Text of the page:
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Lead validation can repair the broken links between your conversion numbers and your actual sales leads.

Fixing Data’s Broken Links

Broken links can be a killer for Internet marketing. If a customer can’t follow through on an opportunity because the link simply isn’t there, he or she is not likely to remain a customer for much longer. However, there are other kinds of broken links in the world of Internet marketing that can be just as harmful to a lead generation campaign, and no amount of coding can fix them. These broken links are in the data marketers receive about the performance of their lead generation websites. Unless those links are patched through the process of lead validation, they have the potential to unravel all the work that has been put into a campaign.

These broken links stem from the fact that for many Internet marketers, the raw conversion numbers they receive from Google Analytics are the sole measure of their websites’ success. They see the number of conversions, estimate the amount of sales leads that their sites are generating, and then base important decisions about optimization on that data. However, relying on the raw conversion numbers can be a dangerous gamble because of the broken link between that number and the true performance of a website.

Incomplete Information

As it turns out, nearly half of all website conversions are not sales leads, and conversion numbers leave out some important data. Any Internet marketer who studied each one of the conversions generated by his or her website might be astonished to find that only about half of conversions could be classified as sales leads. The others, it would be discovered, would be made up of interactions and inquiries that aren’t true sales leads — such as job applications, customer service inquiries or incomplete form submissions. However, all of these false leads are counted among the conversions listed by Google Analytics. What’s more, Google’s numbers don’t include any information about sales leads or other conversions that come over the phone. Although Google Analytics can be a useful tool for Internet marketers, it doesn’t provide the complete picture of a website’s effectiveness at delivering sales leads, leaving a crucial link broken.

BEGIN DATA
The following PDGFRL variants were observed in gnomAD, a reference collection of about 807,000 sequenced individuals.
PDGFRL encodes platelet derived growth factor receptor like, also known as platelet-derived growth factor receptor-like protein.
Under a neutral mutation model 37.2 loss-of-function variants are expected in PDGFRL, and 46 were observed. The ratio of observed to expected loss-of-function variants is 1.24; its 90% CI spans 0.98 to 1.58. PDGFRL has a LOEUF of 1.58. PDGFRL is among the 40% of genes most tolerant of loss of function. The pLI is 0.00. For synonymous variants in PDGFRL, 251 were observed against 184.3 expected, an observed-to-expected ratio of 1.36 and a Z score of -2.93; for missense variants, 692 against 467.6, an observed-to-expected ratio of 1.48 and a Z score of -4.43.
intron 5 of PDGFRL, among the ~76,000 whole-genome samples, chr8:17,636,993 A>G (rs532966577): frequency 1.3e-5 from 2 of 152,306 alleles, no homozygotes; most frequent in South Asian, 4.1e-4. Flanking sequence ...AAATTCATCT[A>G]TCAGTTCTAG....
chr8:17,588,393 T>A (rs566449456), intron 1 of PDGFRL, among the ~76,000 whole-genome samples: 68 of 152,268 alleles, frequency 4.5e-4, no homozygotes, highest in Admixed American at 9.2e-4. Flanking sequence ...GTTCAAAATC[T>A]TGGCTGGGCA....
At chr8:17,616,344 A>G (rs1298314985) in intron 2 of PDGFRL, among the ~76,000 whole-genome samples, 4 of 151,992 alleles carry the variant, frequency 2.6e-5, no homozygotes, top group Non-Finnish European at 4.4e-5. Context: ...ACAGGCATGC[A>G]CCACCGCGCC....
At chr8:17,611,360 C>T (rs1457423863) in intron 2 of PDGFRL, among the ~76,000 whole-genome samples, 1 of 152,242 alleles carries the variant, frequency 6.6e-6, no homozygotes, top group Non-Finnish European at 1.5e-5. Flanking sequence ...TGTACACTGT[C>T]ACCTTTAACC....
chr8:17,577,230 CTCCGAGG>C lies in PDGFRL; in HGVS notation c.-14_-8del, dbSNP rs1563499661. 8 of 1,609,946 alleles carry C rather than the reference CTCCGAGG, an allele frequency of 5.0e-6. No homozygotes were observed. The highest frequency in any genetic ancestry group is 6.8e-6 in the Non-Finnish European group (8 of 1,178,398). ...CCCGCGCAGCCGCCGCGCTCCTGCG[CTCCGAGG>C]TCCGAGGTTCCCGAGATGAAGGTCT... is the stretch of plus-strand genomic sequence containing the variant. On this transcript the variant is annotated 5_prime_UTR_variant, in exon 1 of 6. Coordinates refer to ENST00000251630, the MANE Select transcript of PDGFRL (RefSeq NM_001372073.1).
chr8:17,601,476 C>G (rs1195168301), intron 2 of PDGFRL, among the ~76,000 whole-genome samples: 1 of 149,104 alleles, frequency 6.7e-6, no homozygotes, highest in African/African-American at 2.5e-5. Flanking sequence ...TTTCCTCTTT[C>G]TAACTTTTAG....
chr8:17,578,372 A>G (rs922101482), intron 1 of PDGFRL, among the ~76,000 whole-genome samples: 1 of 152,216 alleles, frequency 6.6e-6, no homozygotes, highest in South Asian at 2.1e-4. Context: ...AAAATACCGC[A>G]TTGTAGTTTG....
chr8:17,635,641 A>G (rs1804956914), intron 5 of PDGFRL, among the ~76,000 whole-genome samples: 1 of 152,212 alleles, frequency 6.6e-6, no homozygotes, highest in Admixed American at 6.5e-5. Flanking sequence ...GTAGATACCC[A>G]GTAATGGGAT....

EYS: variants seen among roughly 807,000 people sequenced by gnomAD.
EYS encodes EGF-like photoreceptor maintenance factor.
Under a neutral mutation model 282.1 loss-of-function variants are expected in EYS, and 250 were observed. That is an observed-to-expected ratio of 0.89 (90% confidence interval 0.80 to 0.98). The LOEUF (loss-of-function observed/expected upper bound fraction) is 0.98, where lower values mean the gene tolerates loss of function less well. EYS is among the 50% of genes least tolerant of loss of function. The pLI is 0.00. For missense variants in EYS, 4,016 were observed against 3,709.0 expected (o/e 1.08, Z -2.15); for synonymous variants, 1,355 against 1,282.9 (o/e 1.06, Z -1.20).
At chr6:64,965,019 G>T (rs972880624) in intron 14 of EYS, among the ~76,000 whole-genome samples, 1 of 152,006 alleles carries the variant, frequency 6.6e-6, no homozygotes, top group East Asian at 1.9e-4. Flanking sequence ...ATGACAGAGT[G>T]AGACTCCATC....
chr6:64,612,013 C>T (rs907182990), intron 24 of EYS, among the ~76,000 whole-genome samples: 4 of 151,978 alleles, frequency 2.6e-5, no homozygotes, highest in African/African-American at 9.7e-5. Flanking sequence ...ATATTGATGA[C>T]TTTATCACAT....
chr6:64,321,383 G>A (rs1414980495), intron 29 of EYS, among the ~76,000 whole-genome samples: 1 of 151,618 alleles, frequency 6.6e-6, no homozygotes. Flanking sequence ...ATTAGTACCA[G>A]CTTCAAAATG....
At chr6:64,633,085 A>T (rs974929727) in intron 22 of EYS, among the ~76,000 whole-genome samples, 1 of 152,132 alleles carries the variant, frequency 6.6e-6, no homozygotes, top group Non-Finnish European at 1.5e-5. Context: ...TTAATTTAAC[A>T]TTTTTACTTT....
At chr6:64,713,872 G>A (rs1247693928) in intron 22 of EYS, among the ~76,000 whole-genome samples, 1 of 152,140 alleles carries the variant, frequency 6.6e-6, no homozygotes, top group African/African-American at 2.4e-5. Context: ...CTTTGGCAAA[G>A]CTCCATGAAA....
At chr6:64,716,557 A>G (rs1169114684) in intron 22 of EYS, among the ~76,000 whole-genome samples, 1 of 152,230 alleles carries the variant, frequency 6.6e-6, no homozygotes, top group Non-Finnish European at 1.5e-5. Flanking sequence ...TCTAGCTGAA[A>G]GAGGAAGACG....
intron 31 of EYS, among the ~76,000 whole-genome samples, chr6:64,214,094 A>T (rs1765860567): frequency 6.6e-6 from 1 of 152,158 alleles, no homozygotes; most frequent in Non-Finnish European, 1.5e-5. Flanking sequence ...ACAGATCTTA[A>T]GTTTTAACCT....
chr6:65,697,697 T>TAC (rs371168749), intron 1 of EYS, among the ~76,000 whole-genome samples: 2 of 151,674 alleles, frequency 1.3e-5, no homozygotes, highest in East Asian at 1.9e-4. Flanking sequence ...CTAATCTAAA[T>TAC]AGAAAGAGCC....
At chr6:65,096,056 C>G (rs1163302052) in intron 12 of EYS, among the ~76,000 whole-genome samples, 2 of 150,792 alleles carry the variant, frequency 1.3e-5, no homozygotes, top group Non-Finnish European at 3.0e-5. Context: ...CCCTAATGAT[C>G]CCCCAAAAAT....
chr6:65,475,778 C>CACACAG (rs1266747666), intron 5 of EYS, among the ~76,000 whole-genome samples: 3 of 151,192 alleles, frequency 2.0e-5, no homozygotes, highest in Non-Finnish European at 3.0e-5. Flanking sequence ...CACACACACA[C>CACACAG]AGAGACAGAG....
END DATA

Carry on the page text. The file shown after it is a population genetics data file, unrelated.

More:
The reason this creates danger for Internet marketers is because they often use that incomplete information as the basis for some critical decisions when it comes time to update or improve their websites. Because the links between the raw conversion numbers and the true effectiveness of the website are broken, marketers don’t actually know where the inquiries came from, or which of their inquiries can be considered potential customers. Using this incomplete information, they may end up overemphasizing the wrong conversion sources or redirecting resources away from sources they believe are underperforming based on the incomplete information they have. This means crucial improvements to a campaign may happen more slowly than they should, if they happen at all.

More Complete Data

Fortunately, Internet marketers have a way to fix the broken links in their data through the process of lead validation. With lead validation, marketers comb through every conversion generated by their websites as well as every phone call they receive — separating the sales leads from the conversions that don’t fit into that category. Lead validation also tracks and notes the source of each lead, making it clear to marketers which sources are most effective at generating leads and which ones could benefit from some fine-tuning. What was once a mass of undistinguishable conversion numbers becomes a much more detailed and accurate picture of a website’s effectiveness through lead validation.

With the broken links filled in with more accurate information, marketers can know which of their websites’ sources truly are generating the most leads, and they can optimize those sites accordingly. The result is a website and a campaign that are optimized for greater performance, delivering additional leads more effectively. Now, marketers have a much more accurate measure of how much each lead actually costs them.

No Excuse for Broken Links

While there’s no doubt that lead validation can be a very involved and time-consuming process, the benefits it can provide are self-evident. Without the complete information provided by the lead validation process, those links in the data Internet marketers rely on can remain broken and cause serious dysfunction. Incorporating lead validation as a critical component of a campaign gives marketers the most accurate picture of their websites’ success or shortcomings. In a world where information is power, there’s no excuse for having broken links — on your home page or in the data you rely on for your ultimate success.

About the Author
Aaron Wittersheim is Chief Operating Officer at Internet marketing agency Straight North.



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